Even if you aren’t a big fan of architecture and don’t know much about Frank Lloyd Wright, checking out the unique campus buildings at Florida Southern College in Lakeland is cool, and quite an education.
Wright, widely considered the most famous American architect in history, designed a dozen structures of the campus starting in 1938. It is the largest collection of buildings designed by him in a single site.
The first building — the Annie Pfeiffer Chapel — was dedicated in 1941. A large fountain known as the Waterdome wasn’t actually completed according to Wright’s design until 2007. Seniors at the college have held a ‘Senior Splash’ in the large fountain, viewable on Youtube.
The Waterdome is easily accessible from the public parking area. Passing under unique covered walkways — Wright called them esplanades — you enter a large open plaza with the circular fountain in the middle. The water jets can be powered up to form a giant dome, but on many days they aren’t that tall and simply form a ring around the pool.
The chapel has been called the most significant building on the campus. Like other Wright buildings it features unique colored glass blocks that glow in many shades during daylight. .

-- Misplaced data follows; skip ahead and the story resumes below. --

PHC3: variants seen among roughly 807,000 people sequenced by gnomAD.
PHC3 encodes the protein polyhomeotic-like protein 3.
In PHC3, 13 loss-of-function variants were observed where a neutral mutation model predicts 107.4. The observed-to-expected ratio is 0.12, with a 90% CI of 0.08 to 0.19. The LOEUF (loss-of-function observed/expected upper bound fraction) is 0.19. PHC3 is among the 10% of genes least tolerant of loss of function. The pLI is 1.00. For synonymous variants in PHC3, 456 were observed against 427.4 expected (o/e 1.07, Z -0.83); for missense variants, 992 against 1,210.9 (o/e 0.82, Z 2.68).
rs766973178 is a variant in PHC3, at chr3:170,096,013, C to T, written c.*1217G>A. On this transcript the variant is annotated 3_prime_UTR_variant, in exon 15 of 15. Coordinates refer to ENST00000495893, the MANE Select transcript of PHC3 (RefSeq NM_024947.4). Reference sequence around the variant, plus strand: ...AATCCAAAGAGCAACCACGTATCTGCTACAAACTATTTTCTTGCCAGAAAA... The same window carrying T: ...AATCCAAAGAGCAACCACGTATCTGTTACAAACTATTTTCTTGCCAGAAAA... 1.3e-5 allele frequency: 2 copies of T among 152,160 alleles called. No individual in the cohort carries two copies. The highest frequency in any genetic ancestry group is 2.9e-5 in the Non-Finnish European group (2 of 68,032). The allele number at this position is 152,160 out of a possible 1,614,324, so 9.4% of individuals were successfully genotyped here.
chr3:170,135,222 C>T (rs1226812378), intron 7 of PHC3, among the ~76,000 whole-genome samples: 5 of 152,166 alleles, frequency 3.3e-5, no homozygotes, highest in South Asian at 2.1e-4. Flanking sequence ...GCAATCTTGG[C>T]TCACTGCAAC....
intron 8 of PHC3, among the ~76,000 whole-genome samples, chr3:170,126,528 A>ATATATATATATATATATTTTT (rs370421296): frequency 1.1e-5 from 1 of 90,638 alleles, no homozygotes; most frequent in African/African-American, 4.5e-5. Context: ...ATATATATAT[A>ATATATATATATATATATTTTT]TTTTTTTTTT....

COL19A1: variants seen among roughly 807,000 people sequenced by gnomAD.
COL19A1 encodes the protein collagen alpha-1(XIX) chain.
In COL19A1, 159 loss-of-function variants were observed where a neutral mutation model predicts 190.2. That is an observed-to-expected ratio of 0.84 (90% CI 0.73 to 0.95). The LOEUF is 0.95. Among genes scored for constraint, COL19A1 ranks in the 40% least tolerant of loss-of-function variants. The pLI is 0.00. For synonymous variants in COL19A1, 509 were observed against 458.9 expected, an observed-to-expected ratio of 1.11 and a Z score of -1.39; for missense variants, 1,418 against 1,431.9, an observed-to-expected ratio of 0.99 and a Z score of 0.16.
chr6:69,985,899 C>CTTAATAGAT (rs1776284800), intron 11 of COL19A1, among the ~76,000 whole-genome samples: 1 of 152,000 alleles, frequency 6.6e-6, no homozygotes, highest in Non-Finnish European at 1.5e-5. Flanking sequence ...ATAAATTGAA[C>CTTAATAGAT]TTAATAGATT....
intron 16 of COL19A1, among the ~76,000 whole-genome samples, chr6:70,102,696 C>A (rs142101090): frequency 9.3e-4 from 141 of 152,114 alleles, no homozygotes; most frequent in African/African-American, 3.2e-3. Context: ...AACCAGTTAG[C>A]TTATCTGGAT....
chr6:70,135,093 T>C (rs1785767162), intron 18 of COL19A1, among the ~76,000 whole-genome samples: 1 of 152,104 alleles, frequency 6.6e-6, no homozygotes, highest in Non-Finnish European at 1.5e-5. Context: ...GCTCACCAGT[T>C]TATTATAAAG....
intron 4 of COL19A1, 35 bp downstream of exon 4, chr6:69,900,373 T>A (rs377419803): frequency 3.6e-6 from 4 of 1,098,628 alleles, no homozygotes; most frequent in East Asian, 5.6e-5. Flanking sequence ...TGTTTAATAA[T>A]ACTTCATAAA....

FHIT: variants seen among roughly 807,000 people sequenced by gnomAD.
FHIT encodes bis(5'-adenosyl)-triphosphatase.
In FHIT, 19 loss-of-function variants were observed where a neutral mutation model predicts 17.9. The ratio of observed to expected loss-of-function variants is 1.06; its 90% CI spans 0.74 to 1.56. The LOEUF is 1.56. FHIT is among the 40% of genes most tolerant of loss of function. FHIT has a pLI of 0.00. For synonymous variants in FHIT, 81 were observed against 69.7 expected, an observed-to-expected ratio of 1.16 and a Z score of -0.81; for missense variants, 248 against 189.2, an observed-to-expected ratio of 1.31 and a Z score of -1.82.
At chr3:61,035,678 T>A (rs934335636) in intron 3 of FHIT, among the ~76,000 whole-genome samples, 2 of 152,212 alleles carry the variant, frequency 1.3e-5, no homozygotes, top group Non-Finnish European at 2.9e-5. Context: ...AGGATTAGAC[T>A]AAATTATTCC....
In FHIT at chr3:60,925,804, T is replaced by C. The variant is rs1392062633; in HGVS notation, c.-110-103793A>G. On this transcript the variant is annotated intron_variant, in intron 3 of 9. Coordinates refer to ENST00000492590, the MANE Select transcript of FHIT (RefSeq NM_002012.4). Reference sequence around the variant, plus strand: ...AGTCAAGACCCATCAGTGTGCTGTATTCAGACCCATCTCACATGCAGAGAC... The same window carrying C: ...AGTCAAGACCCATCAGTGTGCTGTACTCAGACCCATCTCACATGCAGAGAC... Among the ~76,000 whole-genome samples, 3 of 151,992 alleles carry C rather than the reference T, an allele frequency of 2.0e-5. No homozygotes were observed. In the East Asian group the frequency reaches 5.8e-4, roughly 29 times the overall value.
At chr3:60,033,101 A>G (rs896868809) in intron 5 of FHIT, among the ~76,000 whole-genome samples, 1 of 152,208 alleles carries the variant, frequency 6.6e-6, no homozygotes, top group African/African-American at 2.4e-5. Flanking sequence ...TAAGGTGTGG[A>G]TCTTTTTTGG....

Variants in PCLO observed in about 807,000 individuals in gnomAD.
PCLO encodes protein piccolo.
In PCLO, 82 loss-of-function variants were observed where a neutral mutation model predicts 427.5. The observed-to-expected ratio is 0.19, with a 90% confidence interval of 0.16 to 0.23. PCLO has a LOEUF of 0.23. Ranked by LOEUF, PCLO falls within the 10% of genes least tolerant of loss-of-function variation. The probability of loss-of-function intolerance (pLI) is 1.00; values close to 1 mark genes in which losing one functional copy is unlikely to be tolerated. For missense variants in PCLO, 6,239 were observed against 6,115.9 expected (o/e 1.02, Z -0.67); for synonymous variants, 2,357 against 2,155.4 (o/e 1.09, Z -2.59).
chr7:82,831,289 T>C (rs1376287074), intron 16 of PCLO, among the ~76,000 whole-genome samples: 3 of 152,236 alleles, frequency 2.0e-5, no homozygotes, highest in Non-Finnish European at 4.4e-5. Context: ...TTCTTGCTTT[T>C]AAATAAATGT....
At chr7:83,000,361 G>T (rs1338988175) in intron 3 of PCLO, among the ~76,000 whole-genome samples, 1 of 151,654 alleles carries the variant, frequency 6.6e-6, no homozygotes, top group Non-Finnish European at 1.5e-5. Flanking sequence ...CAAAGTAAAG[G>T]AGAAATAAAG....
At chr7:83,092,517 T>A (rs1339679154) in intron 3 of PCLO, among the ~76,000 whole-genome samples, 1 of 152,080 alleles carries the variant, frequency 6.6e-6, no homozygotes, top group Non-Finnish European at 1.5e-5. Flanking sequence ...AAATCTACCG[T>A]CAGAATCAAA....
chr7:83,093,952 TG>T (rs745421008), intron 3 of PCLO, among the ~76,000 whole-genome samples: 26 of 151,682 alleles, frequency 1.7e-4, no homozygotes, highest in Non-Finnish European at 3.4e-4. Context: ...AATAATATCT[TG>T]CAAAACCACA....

The color of the buildings is sand, while the water features and oxidized copper trim recall sky or the color of Florida’s freshwater springs. The entire campus is along the shore of 350-acre Lake Hollingsworth, visible from several areas.
Wright called his design for the campus “Child of the Sun.” It’s also called the Florida Southern College Architectural District, designated a National Historic Landmark in 2010.
It is possible to walk around the campus briefly and see the outside of some buildings for free, but FSC is a private college and requires tickets for tours, even for self-guided tours that come with literature.
You can start at the Sharp Family Tourism and Education Center, which is open Monday to Sunday, 9:30 a.m. to 4:30 p.m. The campus website encourages reservations especially for groups, at $20 per person for a basic tour, and $35 for an “in-depth” tour.
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